Some see parallels between music speculating and investment in contemporary art, where prices outpaced the S&P 500 by 131% over the past 26 years, according to Masterworks, a platform for investing in works by Basquiat, Picasso, Banksy and others. But in place of a gated community of rich and rarified art bidders or NFT whales, the music exchanges want to attract regular folks en masse.

But to do that, these galloping gallants must avoid any slings and arrows from the Sheriff of the Securities & Exchange Commission, which has already taken the axe to crypto exchanges Coinbase and Binance.

Although the SEC has characterized NFTs as unregistered securities, the fledgling song exchanges believe they’re different from NFTs. They say they can take advantage of a series of SEC regulations that started under President Obama in 2012 as part of the Jobs Act, allowing for crowdfunding campaigns public capital inflows for creative companies that couldn’t get that before.

That’s thanks to “Reg-A,” something you hear a lot of chatter about in the financial forest, and while you may think they’re talking about “I Shot The Sheriff,” they’re not talking about Reggae but about a regulation under the Securities Act of 1933. It was Reg-A that democratized capitalism by providing exemptions from complicated and compliance-costly laws that kept public markets and funding open only to elites.

“What Reg-A does really is fascinating, because it allows for anyone over 18, as long as they’re not a bad actor with a criminal record or from an OFAC country that we don’t do business with like North Korea, to come up with whatever share class structure or valuation that they want for virtually anything,” says Etan Butler, chairman of Dalmore Group, a broker-dealer that says its “on a mission to revolutionize the way companies raise capital online.” The company has been engaged by several of the music stock exchanges seeking to launch.

Butler says Reg-A makes it easy to issue stock in just about anything nowadays. “You can issue shares of royalty flows for music just like you can issue shares for any commodity. A fractional share of royalty flow is functionally the same as a fractional share of real estate in a REIT or a fractional share of an historic piece of art or an exotic car. As long as you abide by the Reg A rules, it is all fair game – and quite interesting.”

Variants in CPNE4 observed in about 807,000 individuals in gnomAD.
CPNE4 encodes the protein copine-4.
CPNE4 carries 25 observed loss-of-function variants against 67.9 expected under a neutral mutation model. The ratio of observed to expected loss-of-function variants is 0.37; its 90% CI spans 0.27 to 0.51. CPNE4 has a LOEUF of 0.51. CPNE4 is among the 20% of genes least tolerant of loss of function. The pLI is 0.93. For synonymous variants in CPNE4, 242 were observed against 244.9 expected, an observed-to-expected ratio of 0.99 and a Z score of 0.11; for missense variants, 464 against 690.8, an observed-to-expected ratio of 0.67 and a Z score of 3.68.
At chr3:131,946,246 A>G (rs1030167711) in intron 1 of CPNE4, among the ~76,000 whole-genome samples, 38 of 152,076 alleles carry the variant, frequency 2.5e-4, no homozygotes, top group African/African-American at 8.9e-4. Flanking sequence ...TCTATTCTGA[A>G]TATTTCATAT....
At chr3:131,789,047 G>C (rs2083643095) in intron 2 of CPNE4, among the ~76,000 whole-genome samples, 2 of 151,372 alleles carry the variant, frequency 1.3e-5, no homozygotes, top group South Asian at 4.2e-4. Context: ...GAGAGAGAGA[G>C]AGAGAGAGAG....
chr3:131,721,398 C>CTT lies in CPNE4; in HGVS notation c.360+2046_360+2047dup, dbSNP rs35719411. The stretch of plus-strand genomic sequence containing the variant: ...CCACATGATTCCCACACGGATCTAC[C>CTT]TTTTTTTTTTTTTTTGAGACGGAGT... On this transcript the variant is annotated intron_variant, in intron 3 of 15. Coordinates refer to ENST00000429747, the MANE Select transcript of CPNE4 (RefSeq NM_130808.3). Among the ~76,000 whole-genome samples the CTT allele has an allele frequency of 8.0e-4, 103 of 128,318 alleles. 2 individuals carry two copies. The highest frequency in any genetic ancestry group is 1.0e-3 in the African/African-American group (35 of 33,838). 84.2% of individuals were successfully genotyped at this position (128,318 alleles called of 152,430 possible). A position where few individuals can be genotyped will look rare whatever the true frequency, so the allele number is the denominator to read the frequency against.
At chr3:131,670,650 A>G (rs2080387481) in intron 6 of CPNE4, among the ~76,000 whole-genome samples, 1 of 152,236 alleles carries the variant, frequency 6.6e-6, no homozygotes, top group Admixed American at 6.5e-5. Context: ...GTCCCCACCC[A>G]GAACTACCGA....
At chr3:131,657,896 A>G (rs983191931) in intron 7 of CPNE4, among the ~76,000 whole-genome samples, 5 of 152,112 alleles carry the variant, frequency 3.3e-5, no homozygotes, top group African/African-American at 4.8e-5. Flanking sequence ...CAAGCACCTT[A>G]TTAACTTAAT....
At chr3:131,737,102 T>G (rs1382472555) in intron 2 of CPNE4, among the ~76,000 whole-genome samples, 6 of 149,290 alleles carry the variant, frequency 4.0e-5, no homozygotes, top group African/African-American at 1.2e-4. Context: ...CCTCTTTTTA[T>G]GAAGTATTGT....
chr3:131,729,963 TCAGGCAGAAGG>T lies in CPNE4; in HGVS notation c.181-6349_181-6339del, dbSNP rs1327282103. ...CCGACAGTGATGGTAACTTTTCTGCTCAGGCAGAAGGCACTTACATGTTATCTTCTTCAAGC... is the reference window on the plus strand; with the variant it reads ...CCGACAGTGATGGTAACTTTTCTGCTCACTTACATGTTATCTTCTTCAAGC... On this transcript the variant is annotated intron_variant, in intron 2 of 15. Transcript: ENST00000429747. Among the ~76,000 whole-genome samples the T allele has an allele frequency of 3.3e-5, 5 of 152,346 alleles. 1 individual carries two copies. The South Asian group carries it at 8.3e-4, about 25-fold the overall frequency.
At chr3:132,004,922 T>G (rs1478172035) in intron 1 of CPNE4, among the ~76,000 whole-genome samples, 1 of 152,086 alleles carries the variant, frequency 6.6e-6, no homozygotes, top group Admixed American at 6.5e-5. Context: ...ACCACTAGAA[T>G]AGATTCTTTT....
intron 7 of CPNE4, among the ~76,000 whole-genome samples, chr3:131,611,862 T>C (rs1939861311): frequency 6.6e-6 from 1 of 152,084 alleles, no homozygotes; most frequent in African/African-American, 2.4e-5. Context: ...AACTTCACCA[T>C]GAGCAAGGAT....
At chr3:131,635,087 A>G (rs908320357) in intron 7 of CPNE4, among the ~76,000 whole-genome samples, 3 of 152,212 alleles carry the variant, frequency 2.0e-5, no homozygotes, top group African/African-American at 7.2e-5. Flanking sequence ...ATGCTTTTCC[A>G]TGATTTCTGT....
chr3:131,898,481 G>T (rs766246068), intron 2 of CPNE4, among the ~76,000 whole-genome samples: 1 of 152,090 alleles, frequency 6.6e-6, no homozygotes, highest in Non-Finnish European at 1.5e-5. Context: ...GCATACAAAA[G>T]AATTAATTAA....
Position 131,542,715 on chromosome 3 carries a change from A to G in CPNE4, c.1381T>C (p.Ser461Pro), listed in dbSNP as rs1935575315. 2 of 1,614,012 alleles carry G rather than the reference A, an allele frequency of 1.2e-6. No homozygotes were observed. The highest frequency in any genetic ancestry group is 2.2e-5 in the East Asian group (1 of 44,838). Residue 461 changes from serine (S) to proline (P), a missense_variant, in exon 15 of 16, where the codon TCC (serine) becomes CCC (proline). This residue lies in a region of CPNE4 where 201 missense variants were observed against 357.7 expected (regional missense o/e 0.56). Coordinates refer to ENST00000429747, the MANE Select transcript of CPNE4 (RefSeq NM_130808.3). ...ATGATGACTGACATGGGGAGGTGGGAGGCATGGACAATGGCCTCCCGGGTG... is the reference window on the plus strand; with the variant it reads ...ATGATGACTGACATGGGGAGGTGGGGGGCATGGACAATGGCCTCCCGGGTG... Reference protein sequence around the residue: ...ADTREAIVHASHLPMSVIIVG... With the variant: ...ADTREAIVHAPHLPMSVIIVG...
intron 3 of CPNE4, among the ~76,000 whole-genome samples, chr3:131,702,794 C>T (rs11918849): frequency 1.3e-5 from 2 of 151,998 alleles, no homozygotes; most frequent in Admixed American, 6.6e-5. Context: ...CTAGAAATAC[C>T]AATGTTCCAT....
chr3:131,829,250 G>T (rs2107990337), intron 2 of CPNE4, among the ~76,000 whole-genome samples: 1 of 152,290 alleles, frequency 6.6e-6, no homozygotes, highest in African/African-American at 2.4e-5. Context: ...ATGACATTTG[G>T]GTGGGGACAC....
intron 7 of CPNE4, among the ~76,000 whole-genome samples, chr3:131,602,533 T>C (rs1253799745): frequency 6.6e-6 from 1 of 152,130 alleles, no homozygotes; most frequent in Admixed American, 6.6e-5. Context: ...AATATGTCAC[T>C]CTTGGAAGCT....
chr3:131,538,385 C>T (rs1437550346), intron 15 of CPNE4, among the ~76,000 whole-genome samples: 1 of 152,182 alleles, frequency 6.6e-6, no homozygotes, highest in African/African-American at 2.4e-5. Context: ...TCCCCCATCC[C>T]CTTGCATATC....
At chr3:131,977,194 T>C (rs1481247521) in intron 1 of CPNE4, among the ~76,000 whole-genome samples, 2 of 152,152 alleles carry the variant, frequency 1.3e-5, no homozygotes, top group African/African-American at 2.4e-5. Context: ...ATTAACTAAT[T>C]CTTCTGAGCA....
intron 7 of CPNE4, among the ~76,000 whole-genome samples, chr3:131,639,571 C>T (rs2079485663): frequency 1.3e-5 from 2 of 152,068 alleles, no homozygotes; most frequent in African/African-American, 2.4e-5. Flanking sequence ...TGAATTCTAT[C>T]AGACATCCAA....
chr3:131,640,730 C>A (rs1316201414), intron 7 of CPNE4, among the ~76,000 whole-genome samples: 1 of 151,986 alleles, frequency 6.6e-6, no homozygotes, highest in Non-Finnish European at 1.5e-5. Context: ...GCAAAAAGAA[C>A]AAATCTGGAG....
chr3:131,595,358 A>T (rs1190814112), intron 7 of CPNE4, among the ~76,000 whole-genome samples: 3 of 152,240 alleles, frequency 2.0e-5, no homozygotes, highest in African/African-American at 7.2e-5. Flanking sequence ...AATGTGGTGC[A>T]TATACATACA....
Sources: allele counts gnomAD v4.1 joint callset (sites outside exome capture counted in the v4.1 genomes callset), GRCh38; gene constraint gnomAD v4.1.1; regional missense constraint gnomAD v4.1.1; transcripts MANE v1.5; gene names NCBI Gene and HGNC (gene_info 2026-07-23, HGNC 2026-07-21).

But the Securities and Exchange Commission needs to give its blessing before a music stock exchange rings the opening bell. SongVest is the only exchange already open for business, following SEC qualification, says Peace.

But SongVest is only offering a “primary market” for investors, which is a way to buy a royalty share in a song you love. But to then re-sell the song share to another fan, you need a “secondary market.” While SongVest has authority to open a secondary market, they’re holding off for the moment, hoping that proposed changes in SEC regulations will substantially lower costs, Peace says. Such costs include sky high legal expenses to comply with each state’s so-called “Blue Sky” laws, as well as hopping through more SEC compliance hoops.

“The way that we think about this is not so much as an investment platform but more as a fan engagement tool,” Peace says. “It’s high-end memorabilia, like selling rare vinyl. But this is like vinyl with a drop of the artist’s blood on it. Participating in the royalty stream of a song you love by an artist you love is the ultimate way for many fans to get close to that star.”

SongVest sees its song-trading venture as “a natural extension to our music catalog marketplace,” Peace says. The firm a way to drive business to its more conventional music auction business that we established in 2020,” Peace says.

Whether Robin Hood rides off with Maid Marian happily ever after, as in the 1938 Errol Flynn-Olivia de Havilland classic, or it all ends in frustration, as in Mel Brooks’ “Robin Hood: Men in Tights,” we can’t know but we’ve got our popcorn.